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Abu Dhabi, UAESaturday 20 October 2018

Fatwa council vows to protect against extremism and hate at inaugural meeting  

First meeting pledges to shelter UAE from ‘disrupting influences that threaten region and world’

Sheikh Mohammed bin Zayed, Crown Prince of Abu Dhabi and Deputy Supreme Commander of the Armed Forces, receives Shaikh Abdullah bin Bayyah, Emirates Fatwa Council chairman. Mohammed Al Hammadi / Crown Prince Court - Abu Dhabi
Sheikh Mohammed bin Zayed, Crown Prince of Abu Dhabi and Deputy Supreme Commander of the Armed Forces, receives Shaikh Abdullah bin Bayyah, Emirates Fatwa Council chairman. Mohammed Al Hammadi / Crown Prince Court - Abu Dhabi

Leading Islamic scholars have vowed to protect the UAE from disruptive religious rulings that promote extremist and terrorist ideologies, during the first meeting of the newly-formed Emirates Fatwa Council yesterday.

While the council is a new organisation, members said they would put end fatwas that encourage terrorism, bloodshed, discrimination and hatred.

The UAE’s fatwa council was set up late last month and will be the official reference for fatwas, and will oversee all work related to Islamic rulings.

Chaired by Sheikh Abdullah bin Bayyah, President of the Forum for Promoting Peace in Muslim Societies, the council will co-ordinate fatwas and issue rulings on public issues that represent the country.

Sheikh bin Bayyah said the council would strive to “protect the nation from random fatwas and disrupting influences that threaten the safety of the citizens, society, the region and even the entire world”.

“The role of the council does not stop here, but will be a milestone for scholars in this blessed land and their counterparts,” he said.

The council also has the authority to grant licences to issue fatwas, to train muftis (religious scholars) and develop their skills, as well as to conduct related studies in co-ordination with the country’s General Authority of Islamic Affairs and Endowments.

The council, said Sheikh bin Bayyah, will act against “extremists who have defamed religion”.

“Immediate action is required today that leaves no room for extremists to develop their own dogmas, compositions and constraints that are alarmingly rich in fluctuations and changes. This is what impels Muslim societies to confront extremism by using preventive measures to curb violence and hatred.

“Society will be immune to rogue fatwas that lead to corruption and ignite the flames of war instead of promoting a peaceful environment that acts as an umbrella for all citizens and grants them their human rights,” he said.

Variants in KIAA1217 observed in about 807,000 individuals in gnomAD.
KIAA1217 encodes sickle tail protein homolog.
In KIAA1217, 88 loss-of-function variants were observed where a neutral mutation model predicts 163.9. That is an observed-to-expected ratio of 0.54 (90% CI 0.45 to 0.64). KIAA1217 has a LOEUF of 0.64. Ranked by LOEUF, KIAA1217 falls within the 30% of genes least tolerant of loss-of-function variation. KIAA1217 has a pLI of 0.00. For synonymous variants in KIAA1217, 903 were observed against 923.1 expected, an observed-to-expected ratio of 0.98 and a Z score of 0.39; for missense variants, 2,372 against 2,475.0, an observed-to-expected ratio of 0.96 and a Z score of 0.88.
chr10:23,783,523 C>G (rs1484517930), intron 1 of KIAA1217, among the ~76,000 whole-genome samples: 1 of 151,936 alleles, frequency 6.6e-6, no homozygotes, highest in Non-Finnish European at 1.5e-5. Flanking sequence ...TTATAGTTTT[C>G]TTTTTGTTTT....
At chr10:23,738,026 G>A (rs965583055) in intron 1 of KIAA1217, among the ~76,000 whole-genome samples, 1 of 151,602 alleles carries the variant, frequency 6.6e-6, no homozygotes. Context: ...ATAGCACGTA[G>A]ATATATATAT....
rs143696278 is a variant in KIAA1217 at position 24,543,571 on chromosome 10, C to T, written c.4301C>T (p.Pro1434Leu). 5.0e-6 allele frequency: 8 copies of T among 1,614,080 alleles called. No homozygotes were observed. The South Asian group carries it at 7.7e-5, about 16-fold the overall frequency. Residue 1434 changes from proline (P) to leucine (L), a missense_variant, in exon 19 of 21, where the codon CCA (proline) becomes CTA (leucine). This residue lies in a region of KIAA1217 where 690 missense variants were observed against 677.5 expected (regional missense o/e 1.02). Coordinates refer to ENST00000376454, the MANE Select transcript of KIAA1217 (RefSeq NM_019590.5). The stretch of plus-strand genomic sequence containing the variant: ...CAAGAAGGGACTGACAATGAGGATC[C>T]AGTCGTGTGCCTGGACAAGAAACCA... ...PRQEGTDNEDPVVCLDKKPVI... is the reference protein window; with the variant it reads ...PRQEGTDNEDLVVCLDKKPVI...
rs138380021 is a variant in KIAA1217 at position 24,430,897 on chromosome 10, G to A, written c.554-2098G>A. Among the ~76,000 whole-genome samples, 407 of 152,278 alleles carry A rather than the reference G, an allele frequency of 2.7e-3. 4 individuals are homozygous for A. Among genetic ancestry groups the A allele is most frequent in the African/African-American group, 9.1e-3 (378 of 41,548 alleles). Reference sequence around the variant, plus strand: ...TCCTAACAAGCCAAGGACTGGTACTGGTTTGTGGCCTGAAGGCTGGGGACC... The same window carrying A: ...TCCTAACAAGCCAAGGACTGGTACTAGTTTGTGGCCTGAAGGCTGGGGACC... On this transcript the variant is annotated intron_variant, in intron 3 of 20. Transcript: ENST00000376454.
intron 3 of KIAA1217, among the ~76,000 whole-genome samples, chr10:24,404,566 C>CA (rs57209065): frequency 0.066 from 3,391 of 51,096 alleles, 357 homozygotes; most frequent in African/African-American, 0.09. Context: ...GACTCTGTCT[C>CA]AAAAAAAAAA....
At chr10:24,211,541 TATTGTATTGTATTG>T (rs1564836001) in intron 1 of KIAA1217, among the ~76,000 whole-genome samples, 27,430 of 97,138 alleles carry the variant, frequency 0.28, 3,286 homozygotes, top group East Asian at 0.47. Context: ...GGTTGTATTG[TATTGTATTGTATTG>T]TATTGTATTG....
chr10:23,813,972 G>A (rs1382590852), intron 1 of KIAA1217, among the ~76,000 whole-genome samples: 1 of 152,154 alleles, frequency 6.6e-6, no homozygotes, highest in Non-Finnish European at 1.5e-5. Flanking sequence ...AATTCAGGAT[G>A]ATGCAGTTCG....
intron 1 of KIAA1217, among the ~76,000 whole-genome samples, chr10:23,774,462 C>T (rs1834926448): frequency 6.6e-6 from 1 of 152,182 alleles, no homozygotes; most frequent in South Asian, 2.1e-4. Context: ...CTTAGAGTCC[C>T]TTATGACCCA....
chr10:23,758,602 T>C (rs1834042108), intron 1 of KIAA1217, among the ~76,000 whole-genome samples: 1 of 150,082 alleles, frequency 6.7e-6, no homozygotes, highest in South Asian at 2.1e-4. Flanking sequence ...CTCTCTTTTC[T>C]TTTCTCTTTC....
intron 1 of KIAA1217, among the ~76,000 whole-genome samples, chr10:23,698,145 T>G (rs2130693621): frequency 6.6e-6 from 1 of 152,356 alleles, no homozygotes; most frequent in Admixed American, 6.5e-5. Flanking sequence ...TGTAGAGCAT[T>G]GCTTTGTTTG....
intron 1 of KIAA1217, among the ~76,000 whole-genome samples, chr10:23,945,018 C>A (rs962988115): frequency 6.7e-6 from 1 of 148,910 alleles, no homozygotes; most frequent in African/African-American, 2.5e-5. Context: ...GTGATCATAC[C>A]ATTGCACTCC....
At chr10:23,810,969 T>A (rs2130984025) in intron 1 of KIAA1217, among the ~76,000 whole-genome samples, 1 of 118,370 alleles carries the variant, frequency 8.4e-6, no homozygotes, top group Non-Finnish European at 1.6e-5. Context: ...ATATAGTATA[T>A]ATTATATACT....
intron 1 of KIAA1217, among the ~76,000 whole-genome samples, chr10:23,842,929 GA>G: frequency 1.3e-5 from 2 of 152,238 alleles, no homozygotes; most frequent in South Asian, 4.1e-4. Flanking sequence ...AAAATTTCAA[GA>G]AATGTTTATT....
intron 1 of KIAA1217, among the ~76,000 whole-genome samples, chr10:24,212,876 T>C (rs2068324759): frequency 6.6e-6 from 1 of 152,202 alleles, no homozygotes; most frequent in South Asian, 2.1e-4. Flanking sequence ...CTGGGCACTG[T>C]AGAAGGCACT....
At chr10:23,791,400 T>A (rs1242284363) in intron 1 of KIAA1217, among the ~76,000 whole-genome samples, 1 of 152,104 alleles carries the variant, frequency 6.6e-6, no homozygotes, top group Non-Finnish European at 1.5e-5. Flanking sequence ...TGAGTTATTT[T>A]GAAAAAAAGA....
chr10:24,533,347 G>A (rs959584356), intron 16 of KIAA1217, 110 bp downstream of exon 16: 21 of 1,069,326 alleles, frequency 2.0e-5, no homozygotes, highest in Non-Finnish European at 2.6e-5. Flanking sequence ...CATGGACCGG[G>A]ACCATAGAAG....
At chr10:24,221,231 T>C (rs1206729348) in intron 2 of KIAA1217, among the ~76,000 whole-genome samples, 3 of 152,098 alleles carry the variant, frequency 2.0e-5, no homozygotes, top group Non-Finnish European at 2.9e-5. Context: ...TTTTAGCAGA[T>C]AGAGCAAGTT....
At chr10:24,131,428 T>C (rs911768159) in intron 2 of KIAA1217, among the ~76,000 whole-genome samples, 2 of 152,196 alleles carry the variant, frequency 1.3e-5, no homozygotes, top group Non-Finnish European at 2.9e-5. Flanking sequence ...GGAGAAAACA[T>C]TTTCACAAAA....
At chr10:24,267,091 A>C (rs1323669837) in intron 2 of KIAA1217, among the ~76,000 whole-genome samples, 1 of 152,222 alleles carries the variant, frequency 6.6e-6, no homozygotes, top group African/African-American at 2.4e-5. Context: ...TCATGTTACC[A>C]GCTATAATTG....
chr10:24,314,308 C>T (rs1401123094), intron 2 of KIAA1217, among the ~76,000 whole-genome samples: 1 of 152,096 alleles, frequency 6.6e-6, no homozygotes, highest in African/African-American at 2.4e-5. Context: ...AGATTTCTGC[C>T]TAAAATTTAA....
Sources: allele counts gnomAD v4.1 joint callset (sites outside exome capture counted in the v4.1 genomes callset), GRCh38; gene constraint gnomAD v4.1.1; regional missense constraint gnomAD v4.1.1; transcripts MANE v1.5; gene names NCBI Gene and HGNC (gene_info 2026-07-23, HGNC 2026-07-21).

Sheikh Hamza Yusuf, an American scholar who is president of Zaytuna University in California, is considered one of the West’s most-influential Islamic scholars. He and Prof Dr Amany Lubis from Indonesia are members of the council.

Fatwas, said Sheikh Hamza, are an attempt to understand what God means.

“It is a very difficult thing to do. A lot of people are not qualified and give out fatwas.

“On television, on one channel they may tell you one thing and then go to another channel and they will tell you another. It creates confusion in the minds of a lot of people,” he said.

One of the council’s missions is to unify fatwas that represent the UAE and the country’s religious stance on public issues.

“The Emirates is now trying to protect its own country,” said Sheikh Hamza.

“The UAE Government’s first priority is the security of its own people, and if religious anarchy threatens that security then you have to address the issue. This is an initiative first and foremost to protect the UAE from the type of madness that is going on elsewhere right now.”

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He also highlighted that the UAE has been relatively isolated from regional difficulties where religion is manipulated by political actors “for their own political advantage”.

The council will interpret Quranic laws not in their literal wording, but in spirit. This is a different methodology that takes into consideration the time, place and circumstances that the law applies to.

“We look at the spirit of the law and not just the letter of the law. A lot of fatwas are based on the letter of the law and do not take into consideration the context,” Sheikh Hamza said.

Dr Mohammad Al Kaabi, chairman of Abu Dhabi’s General Authority of Islamic Affairs and Endowments, said that the council is the “embodiment of the government’s efforts to develop religious discourse”.

The council, he said, will also protect young people from extremist and terrorist ideologies. “It will bring back the developed and clear image of Islam.”